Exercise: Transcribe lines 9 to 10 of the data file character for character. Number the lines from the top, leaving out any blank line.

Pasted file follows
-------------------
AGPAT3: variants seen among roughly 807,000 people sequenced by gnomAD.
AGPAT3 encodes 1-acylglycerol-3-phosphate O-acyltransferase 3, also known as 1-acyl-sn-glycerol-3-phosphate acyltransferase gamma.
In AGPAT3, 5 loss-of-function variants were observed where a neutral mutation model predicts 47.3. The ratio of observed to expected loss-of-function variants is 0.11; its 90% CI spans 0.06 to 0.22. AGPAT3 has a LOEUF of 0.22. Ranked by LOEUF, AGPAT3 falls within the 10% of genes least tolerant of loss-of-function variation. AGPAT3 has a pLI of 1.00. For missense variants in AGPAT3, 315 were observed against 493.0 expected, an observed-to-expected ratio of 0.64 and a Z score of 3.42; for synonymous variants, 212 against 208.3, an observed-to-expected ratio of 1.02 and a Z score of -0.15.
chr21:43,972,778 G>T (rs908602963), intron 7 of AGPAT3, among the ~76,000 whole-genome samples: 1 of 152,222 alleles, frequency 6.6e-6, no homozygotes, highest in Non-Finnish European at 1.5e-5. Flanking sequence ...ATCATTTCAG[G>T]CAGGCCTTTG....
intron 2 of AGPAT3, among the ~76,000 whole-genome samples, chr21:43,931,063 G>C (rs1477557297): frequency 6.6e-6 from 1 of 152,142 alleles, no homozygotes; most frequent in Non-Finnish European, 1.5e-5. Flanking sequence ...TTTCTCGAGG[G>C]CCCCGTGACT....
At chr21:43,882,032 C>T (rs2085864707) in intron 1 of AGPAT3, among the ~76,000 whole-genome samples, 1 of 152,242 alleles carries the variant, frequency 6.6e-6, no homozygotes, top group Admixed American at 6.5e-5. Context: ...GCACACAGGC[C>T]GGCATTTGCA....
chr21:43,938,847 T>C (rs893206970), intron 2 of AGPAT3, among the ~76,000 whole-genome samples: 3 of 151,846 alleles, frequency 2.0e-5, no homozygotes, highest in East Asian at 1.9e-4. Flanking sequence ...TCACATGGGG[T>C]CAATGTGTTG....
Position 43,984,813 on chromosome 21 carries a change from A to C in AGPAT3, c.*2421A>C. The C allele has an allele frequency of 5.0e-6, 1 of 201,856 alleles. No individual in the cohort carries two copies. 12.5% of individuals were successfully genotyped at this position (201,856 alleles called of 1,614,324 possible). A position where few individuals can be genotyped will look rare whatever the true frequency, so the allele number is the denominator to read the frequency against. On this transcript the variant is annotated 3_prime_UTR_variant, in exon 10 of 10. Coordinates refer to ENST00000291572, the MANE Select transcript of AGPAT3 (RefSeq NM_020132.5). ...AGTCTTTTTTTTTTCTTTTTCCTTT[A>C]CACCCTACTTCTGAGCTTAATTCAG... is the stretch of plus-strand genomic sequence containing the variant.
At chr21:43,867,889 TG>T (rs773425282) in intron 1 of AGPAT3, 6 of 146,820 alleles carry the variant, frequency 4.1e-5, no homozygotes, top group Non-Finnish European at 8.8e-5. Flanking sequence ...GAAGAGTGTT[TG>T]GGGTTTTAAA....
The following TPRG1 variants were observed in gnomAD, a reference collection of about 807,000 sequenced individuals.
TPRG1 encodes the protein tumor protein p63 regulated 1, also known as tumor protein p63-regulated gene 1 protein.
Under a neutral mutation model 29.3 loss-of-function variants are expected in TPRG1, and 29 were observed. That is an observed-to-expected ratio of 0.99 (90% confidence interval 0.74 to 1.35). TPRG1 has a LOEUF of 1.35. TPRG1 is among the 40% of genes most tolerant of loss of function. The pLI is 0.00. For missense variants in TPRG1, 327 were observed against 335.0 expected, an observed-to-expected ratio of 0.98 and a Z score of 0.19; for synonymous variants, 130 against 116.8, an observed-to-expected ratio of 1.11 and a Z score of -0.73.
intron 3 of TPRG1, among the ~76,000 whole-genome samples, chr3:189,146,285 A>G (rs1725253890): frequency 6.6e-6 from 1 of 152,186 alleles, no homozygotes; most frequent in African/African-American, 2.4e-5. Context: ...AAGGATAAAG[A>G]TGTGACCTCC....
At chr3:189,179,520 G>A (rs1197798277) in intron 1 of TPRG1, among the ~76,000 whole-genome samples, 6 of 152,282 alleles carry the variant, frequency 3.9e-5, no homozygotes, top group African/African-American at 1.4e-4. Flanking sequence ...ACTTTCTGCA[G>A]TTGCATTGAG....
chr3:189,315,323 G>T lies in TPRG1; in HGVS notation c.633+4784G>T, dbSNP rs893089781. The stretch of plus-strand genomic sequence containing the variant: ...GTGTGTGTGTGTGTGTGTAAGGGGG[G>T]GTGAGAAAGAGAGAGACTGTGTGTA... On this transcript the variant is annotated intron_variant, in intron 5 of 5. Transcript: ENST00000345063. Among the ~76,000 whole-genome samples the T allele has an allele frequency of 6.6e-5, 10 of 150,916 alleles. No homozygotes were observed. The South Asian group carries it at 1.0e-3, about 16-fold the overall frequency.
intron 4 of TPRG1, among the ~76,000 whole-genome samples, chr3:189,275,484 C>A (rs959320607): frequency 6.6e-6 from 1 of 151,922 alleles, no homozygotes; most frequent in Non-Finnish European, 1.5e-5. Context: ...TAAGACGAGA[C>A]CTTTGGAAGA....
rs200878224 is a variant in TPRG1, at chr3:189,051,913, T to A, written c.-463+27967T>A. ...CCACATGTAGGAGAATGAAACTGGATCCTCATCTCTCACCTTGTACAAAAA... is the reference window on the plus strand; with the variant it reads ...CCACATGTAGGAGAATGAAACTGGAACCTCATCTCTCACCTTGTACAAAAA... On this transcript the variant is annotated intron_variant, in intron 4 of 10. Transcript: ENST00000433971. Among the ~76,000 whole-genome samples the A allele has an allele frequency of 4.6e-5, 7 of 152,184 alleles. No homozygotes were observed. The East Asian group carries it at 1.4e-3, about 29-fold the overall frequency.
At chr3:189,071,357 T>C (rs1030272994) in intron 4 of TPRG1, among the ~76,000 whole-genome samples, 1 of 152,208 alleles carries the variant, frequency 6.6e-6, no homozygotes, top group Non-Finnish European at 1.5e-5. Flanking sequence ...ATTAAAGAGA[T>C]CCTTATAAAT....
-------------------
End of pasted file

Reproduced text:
At chr21:43,867,889 TG>T (rs773425282) in intron 1 of AGPAT3, 6 of 146,820 alleles carry the variant, frequency 4.1e-5, no homozygotes, top group Non-Finnish European at 8.8e-5. Flanking sequence ...GAAGAGTGTT[TG>T]GGGTTTTAAA....
The following TPRG1 variants were observed in gnomAD, a reference collection of about 807,000 sequenced individuals.